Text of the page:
In 1779, the king of Morocco was among the first rulers to write to George Washington and accept the independence of the newly founded Republic. Soon thereafter the Middle East faded from American minds, reviving only after World War II with the Palestine conflict and the discovery of oil. Now the region is at dead-center of America's consciousness, and there is as much opportunity as risk in how Washington conducts itself. This a historic opportunity to mold a geopolitical order in consonance with both American ideals and the Islamic ethos.
First, American diplomacy must encourage democratization. Kings and emirs must make room for elected representatives who speak for the people.
Economic democracy is just as important. Surplus capital from the Gulf oil-producers must be invested in Muslim lands rather than hoarded in Swiss banks. There must be investment in agriculture in the Sudan, electronics in Pakistan, pharmaceuticals in Egypt, metallurgy in Turkey. The economies of the Middle East complement each. A marriage of oil money with surplus labor from Egypt and business acumen from Pakistan and Lebanon could well turn the area from a basket case into a breadbasket.
The current national boundaries are an anachronism and a remnant of the colonial past which are bound to be challenged in the future, just as they have been challenged by Saddam Hussein. The Islamic world is an entity with its own distinct culture, history and religion. This unity must be respected by moving toward a common market extending from Casablanca to Karachi, with more porous national boundaries and free movement of citizens and goods.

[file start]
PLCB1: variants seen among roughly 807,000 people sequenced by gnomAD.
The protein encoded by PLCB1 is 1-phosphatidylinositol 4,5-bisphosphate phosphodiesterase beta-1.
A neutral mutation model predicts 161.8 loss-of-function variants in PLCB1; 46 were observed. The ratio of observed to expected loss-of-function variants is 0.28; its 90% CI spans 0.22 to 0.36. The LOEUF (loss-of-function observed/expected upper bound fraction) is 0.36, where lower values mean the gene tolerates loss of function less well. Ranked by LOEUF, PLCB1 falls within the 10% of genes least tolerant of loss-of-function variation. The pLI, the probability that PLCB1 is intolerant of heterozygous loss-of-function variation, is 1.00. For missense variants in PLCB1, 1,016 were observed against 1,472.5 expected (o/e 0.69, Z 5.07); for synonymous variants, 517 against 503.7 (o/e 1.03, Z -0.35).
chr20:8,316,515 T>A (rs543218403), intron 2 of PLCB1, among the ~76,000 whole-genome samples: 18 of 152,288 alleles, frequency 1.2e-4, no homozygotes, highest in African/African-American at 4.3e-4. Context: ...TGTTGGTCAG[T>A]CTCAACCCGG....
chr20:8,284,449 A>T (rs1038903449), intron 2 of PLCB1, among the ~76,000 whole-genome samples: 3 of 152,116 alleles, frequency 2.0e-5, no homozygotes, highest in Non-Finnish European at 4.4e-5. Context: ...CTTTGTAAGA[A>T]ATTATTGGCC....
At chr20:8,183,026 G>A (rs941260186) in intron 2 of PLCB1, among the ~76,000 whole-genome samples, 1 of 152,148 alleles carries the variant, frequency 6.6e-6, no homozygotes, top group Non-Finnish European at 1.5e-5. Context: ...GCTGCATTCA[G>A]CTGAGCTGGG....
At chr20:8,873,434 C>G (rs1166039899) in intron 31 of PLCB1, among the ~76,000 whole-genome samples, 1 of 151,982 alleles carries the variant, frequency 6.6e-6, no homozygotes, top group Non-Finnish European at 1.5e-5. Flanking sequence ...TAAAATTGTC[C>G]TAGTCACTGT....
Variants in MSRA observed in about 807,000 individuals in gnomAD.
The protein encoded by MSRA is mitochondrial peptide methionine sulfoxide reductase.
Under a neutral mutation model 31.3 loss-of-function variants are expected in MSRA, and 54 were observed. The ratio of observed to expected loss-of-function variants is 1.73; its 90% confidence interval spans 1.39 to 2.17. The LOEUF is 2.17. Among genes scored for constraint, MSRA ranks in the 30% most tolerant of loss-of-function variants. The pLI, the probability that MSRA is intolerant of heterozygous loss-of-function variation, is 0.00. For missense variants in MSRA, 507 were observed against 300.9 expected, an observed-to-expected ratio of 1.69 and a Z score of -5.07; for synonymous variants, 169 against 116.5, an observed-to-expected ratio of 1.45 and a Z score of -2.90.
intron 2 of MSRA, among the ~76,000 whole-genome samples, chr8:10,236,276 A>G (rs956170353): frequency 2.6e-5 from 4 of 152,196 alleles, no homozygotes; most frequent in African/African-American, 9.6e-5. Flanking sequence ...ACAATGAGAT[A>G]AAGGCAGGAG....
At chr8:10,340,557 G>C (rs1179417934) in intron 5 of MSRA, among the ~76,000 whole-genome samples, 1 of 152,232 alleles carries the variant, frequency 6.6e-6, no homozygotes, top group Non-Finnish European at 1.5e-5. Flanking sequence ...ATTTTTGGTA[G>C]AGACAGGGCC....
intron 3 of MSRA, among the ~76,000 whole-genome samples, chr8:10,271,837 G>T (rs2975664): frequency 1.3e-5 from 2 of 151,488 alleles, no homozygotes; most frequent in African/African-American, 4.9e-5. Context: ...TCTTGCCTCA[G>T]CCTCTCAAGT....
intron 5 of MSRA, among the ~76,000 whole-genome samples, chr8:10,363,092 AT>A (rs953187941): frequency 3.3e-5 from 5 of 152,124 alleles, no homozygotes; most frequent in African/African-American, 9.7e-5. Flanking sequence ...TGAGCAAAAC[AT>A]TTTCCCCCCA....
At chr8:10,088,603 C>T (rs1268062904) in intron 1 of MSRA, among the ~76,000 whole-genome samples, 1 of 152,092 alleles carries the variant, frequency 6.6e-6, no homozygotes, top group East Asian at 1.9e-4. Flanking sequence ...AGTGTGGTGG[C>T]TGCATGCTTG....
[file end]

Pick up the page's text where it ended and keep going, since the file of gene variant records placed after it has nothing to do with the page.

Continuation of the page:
There are also three specific conflicts that continue to grate on the Islamic world: the Palestinian diaspora, India's insistence on retaining Muslim Kashmir and the civil war in Eritrea. A sustained and determined effort must be made by Washington to resolve these disputes so as to guarantee the political and human rights of the people in all three of these conflicts.
Once the political and economic issues are addressed, religion will cease to be an instrument of charlatans and become an instrument of social well-being. One of the great disappointments in the Gulf conflict is the sight of the mullahs in Riyadh and Baghdad calling the faithful from their pulpits to wage war. Islam in its true form is a force for peace in the global village, advocating peace with the self, peace with fellow men and peace with nature. The call to war, especially upon fellow Muslims, betrays a dependence of the men of religion on their political masters.
Only the United States has the political stamina and military muscle to shape such events. It is in a unique position to encourage a political order in the Middle East that respects the cultural, historical and religious aspirations of the people and is also in keeping with the best traditions of the American Republic.